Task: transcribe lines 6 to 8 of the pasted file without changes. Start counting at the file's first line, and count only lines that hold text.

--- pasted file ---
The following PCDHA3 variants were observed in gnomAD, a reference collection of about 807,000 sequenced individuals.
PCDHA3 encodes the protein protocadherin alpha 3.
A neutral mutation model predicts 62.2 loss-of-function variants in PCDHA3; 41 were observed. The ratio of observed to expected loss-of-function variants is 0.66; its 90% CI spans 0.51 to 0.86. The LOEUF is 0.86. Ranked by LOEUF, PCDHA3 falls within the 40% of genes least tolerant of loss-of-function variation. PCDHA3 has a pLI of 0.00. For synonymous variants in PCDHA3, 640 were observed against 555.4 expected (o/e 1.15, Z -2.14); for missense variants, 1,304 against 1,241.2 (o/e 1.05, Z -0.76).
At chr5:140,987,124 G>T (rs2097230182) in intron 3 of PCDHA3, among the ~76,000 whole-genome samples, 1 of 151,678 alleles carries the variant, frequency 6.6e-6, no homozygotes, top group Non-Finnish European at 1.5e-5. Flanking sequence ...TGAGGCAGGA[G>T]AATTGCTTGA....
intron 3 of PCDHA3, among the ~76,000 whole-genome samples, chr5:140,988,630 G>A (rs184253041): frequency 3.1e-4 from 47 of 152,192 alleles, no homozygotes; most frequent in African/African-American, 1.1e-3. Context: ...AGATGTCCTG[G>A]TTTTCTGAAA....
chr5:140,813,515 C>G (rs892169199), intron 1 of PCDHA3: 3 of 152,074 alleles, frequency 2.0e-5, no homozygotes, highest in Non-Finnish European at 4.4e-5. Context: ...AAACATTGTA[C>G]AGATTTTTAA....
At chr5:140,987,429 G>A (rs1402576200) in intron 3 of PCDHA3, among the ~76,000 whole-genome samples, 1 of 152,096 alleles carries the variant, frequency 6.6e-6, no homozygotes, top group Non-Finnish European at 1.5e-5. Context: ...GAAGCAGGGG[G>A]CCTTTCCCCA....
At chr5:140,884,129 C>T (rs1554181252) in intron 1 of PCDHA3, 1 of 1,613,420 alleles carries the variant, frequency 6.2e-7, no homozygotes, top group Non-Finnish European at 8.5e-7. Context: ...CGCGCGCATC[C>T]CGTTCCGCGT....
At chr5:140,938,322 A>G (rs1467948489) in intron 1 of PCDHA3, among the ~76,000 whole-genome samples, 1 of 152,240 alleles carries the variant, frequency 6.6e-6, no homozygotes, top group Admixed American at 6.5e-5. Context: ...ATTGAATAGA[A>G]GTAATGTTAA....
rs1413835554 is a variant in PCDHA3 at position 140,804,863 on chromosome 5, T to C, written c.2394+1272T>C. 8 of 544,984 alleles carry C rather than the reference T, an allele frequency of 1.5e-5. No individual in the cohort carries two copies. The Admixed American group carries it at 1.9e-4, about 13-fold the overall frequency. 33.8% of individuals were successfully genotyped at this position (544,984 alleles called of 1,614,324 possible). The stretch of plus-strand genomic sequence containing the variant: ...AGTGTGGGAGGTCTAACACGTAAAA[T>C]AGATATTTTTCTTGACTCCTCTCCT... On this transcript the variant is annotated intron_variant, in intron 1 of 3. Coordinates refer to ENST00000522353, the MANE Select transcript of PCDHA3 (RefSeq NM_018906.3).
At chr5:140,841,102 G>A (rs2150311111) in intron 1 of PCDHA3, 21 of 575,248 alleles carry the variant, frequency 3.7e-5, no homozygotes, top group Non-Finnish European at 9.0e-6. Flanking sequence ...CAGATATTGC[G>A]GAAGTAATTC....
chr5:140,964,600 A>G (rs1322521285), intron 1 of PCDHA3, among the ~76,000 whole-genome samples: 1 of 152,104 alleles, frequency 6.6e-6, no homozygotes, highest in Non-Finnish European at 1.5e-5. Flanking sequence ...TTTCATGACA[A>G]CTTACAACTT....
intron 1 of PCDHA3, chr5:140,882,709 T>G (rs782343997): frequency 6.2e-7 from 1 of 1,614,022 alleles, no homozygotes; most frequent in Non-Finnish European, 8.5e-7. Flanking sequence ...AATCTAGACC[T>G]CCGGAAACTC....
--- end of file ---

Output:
chr5:140,813,515 C>G (rs892169199), intron 1 of PCDHA3: 3 of 152,074 alleles, frequency 2.0e-5, no homozygotes, highest in Non-Finnish European at 4.4e-5. Context: ...AAACATTGTA[C>G]AGATTTTTAA....
At chr5:140,987,429 G>A (rs1402576200) in intron 3 of PCDHA3, among the ~76,000 whole-genome samples, 1 of 152,096 alleles carries the variant, frequency 6.6e-6, no homozygotes, top group Non-Finnish European at 1.5e-5. Context: ...GAAGCAGGGG[G>A]CCTTTCCCCA....
At chr5:140,884,129 C>T (rs1554181252) in intron 1 of PCDHA3, 1 of 1,613,420 alleles carries the variant, frequency 6.2e-7, no homozygotes, top group Non-Finnish European at 8.5e-7. Context: ...CGCGCGCATC[C>T]CGTTCCGCGT....